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Woman named in article about 2014 Sony hacking scandal can't sue Hollywood Reporter, judge says

By Scott Holland | Dec 12, 2016

Law money 04

A Manhattan, Ill., resident named in a Hollywood Reporter article about the 2014 Sony hacking scandal won’t be able to pursue her case after a federal judge granted the magazine’s motion for judgment in a Dec. 7 ruling. 

Nicole Basile had filed suit against Prometheus Global Media, which publishes Hollywood Reporter, and journalists Gregg Kilday and Tatiana Siegel, who shared a byline on the Dec. 12, 2014, article headlined “Sony Hack: Studio Security Points to Inside Job.” 

Basile said the report, published Dec. 3 on the Hollywood Reporter website, said she “was one of the hackers responsible for the infamous cyberattack on Sony.” The larger purpose of the article was to disprove the notion the hack was linked to North Korea as a response to Columbia Pictures’ controversial film, “The Interview.” The film revolved around an assassination plot targeting North Korean leader Kim Jong-Un. 

Kilday and Siegel were tossed from the legal action in May 2016. 

In arguing for summary judgment, Prometheus suggested the “allegedly defamatory statements can be given an innocent construction,” according to Judge John Z. Lee’s memorandum opinion and order, and further asserted a California anti-strategic lawsuit against public participation statute warranted dismissal. 

Basile’s complaint noted she was never formally a Sony employee; said the article did not point out the hackers used several other aliases — including people like author Michael Lewis and Lesley Goldberg, a Hollywood Reporter journalist — and; said Kilday and Siegel did not make reasonable efforts to contact her before the article was published. 

Lee wrote the magazine didn’t say “Basile had committed any criminal acts or the cyberattack. Rather, the article notes only that Basile’s name was used in conjunction with an email that was sent to the media informing them of the cyberattack. In fact, the article recognizes that the identity of the actual perpetrators are unknown, calling the incident ‘a chilling Hollywood whodunit.’ Furthermore, given the prevalence of email hacking, the article was careful to indicate that the perpetrators had used an email account ‘from a sender named Nicole Basile’; it did not claim that Basile was the one who actually sent the email in question.”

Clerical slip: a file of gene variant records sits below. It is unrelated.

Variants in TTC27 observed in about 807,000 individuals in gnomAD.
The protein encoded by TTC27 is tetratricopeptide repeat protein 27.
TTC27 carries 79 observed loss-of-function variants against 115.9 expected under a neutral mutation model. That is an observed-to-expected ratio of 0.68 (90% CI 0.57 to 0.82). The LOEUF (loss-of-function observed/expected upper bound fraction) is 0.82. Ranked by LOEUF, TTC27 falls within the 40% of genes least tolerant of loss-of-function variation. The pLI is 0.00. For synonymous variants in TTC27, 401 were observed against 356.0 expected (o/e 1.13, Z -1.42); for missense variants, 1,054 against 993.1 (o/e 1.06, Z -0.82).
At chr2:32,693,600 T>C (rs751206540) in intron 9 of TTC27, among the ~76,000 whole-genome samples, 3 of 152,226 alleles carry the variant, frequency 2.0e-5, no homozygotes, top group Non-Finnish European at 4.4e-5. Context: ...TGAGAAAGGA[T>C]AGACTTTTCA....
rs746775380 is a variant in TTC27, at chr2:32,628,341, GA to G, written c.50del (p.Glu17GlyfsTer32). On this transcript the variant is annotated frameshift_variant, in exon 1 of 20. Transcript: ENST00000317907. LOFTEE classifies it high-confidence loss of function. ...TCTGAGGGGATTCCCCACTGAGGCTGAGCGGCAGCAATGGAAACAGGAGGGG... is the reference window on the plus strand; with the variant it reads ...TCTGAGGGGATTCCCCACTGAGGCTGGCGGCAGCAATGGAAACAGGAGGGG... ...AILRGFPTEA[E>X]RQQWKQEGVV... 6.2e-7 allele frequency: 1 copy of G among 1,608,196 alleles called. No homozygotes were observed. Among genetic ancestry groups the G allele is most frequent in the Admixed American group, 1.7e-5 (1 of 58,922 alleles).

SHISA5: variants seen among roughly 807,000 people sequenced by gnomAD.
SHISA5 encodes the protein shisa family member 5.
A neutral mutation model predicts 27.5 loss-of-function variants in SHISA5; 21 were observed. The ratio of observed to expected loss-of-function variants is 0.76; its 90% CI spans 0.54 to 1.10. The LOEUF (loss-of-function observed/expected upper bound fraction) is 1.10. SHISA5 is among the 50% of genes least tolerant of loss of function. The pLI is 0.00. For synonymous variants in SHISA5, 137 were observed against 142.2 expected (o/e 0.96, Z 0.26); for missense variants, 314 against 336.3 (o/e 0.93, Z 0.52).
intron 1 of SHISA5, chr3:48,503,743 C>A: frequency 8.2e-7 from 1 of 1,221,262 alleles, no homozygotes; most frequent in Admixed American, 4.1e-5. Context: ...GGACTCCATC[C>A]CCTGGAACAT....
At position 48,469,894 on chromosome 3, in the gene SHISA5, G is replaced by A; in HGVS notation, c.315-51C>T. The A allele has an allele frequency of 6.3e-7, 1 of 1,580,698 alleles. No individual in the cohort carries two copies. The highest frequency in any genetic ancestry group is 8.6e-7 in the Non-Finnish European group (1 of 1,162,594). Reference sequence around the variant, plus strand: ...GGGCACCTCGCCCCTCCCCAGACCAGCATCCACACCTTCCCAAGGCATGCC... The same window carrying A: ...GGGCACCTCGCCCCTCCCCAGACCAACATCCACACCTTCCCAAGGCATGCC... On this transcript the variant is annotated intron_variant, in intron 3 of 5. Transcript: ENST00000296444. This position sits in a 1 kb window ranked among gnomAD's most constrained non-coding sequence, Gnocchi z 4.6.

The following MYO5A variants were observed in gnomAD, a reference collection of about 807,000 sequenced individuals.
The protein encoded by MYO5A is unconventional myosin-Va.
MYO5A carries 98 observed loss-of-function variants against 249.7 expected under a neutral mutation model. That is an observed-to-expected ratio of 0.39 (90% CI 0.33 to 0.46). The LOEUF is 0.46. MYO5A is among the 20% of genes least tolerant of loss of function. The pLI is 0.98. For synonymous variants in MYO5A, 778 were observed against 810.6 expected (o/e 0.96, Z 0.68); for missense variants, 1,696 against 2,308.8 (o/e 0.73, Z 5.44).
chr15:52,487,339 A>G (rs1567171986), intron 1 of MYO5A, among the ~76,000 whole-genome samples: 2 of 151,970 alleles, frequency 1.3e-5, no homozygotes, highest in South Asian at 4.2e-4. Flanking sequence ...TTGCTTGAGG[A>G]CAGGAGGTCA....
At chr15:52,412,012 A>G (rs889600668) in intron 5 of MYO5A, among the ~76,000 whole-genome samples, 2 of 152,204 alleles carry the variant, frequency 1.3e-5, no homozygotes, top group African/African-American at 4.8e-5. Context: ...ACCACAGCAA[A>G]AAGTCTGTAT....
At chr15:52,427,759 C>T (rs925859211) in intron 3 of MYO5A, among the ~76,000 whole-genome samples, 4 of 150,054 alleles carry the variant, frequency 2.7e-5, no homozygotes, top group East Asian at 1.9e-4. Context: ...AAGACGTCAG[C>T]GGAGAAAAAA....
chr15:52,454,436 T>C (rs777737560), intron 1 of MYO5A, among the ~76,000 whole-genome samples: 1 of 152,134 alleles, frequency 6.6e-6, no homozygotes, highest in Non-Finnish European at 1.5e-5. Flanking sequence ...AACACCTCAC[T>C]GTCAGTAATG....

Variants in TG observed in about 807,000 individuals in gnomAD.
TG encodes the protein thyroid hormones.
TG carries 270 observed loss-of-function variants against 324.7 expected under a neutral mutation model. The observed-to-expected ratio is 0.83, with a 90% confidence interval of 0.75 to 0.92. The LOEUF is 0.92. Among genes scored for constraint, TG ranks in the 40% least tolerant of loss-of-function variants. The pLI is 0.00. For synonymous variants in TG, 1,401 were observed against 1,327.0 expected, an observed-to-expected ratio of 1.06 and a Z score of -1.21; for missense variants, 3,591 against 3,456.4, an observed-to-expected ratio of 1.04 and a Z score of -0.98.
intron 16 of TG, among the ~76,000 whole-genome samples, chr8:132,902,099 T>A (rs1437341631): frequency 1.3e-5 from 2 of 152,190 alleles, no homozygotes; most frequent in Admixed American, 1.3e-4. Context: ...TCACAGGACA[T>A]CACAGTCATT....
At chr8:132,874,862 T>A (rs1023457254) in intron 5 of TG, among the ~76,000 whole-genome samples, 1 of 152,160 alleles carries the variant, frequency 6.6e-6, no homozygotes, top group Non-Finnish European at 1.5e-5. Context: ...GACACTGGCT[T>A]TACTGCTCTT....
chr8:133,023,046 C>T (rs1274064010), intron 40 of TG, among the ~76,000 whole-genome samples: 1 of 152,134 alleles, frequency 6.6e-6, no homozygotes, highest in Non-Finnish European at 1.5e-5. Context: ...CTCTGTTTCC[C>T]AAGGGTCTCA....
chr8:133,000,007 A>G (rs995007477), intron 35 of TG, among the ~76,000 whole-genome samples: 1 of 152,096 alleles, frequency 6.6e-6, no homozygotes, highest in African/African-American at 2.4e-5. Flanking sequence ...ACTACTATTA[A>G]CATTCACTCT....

Lee also quoted a passage from the article that explained the number of people who could have had a motive for hacking: “For a studio — which has laid off hundreds of employees over the past year in an effort to contain costs — the possibility of a disgruntled employee wreaking havoc is very real.” 

Basile’s defamation claim also fails, Lee wrote, because “nothing in the article disparages her skills as a production accountant or accuses her of being unable to perform the specific duties of a production accountant.” Likewise, computer security was not part of her Sony job. In explaining his logic supporting the innocent construction clause, Lee details how the article’s “statements about Basile may be reasonably viewed as part of the investigation into the cyberattack, including the potential that hackers may have commandeered internal Sony email accounts.” 

Lee quickly addressed Basile’s false light claim, but said false light claims based on statements that allegedly constitute defamation per se are failed whenever the defamation claim fails. As Lee had already sided with Prometheus, he didn’t need to offer distinct consideration to Basile’s false light argument. 

In her original complaint, Basile estimated lost earnings owing to the article would exceed $1.4 million. She also said a doctor told her severe abdominal pains — which led to surgery in search of a serious internal problem — had no root physical issue and “were almost certainly caused by stress, and the cause of her stress was the article and its consequences for her life.” 

Basile’s attorneys were Alexander Rufus-Isaacs, of Rufus-Isaacs, Acland & Grantham, Beverly Hills, Calif.; Rodney A. Smolla, of Wilmington, Del.; and Ian Brenson, of La Grange. 

Prometheus Global Media was represented by the firm of Cozen O’Connor, with offices in Chicago and Los Angeles.

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Rufus-Isaacs, Acland & Grantham Ian Brenson, Attorney at LawCozen O'Connor